.                                                                      Jan/Feb                    Now

Engineered Explosives                                   32                             14

Chrome Mox                                                    21.75                        11

Arcbound Ravager*                                         22                             10

Steam Vents                                                    11                              5

All numbers are in event tickets. The * against Ravager indicates that Affinity as a deck has taken some serious hits to playability in the new extended meta, so I’d be wary of buying the mighty Ravager even at this comparatively low price. I know this is not a very large sample size but it illustrates my point. Black Lotus Project‘s handy graphs shows the same effect for paper cards, though it unfortunately also shows us we’ve missed the boat for extended paper cards thanks to PT: Austin. I’ll leave the investigation of this as an exercise for the reader.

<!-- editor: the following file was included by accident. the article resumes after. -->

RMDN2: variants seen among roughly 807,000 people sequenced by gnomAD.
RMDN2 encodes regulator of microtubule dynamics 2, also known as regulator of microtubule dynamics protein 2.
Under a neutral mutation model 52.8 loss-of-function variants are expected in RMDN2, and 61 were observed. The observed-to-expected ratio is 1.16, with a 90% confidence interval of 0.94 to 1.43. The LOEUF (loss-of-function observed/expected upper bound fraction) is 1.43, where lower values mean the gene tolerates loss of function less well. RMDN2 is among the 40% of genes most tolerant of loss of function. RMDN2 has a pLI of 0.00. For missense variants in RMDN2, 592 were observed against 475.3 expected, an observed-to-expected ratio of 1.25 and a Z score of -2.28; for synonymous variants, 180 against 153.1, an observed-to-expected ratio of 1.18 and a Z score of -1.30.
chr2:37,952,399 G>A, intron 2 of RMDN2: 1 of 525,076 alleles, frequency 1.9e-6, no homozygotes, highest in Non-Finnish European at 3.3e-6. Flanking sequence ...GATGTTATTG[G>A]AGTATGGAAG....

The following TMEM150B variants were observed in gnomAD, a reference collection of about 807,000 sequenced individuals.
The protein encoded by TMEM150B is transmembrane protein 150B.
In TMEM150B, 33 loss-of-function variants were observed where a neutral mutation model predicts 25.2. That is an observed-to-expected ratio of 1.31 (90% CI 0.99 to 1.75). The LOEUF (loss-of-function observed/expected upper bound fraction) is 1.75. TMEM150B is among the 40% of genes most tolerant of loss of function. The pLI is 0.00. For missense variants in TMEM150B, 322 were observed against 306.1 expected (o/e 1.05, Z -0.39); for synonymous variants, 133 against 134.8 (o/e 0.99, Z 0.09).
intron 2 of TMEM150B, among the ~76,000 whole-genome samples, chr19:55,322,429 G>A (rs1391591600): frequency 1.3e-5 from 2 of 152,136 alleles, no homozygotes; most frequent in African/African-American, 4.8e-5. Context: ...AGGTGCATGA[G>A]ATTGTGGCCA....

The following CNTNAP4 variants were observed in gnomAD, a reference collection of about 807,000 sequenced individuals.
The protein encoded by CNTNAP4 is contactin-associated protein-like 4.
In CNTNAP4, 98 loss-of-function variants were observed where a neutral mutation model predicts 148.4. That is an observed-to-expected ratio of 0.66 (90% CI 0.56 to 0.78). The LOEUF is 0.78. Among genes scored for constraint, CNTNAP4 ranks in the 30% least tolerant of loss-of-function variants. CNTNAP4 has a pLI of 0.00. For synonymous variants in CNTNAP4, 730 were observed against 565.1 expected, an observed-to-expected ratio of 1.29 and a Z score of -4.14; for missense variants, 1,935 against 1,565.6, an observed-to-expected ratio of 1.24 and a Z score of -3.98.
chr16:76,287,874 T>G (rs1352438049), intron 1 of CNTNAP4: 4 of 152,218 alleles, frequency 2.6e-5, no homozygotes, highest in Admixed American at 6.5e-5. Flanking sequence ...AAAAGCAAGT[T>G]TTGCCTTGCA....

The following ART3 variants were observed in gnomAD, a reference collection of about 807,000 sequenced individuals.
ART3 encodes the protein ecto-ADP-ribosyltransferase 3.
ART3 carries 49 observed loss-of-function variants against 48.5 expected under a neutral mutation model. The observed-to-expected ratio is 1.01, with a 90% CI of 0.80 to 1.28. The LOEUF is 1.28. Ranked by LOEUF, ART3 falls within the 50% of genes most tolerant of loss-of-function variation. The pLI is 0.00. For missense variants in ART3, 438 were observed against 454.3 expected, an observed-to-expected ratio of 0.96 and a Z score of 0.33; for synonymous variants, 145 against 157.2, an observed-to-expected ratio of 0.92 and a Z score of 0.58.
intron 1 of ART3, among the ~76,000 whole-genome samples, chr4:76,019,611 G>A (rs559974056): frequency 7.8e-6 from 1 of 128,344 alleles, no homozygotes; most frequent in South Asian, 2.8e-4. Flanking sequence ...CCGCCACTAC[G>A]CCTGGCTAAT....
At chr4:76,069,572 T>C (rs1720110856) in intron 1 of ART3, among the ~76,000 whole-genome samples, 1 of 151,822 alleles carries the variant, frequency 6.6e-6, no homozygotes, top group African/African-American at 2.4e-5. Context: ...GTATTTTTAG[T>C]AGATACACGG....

So what to buy? Well, a quick study of the top Extended decks from Worlds will be educational. The two biggest decks are various Thopter combo decks, of which LSV’s Gifts Ungiven version seems to be the strongest; and Rubin Zoo piloted to PT glory by Brian Kibler. All in Red was also quite succesful, and seems like an easy deck for new extended players to pick up. Expect all of these decks to be popular on MTGO come January, though perhaps Thopter less so than the other two for the intimidating complexity of the deck. Rubin Zoo, unfortunately, plays a ton of well known money cards already, like Tarmogoyf, Baneslayer Angel and hundreds of dollars worth of nonbasic lands.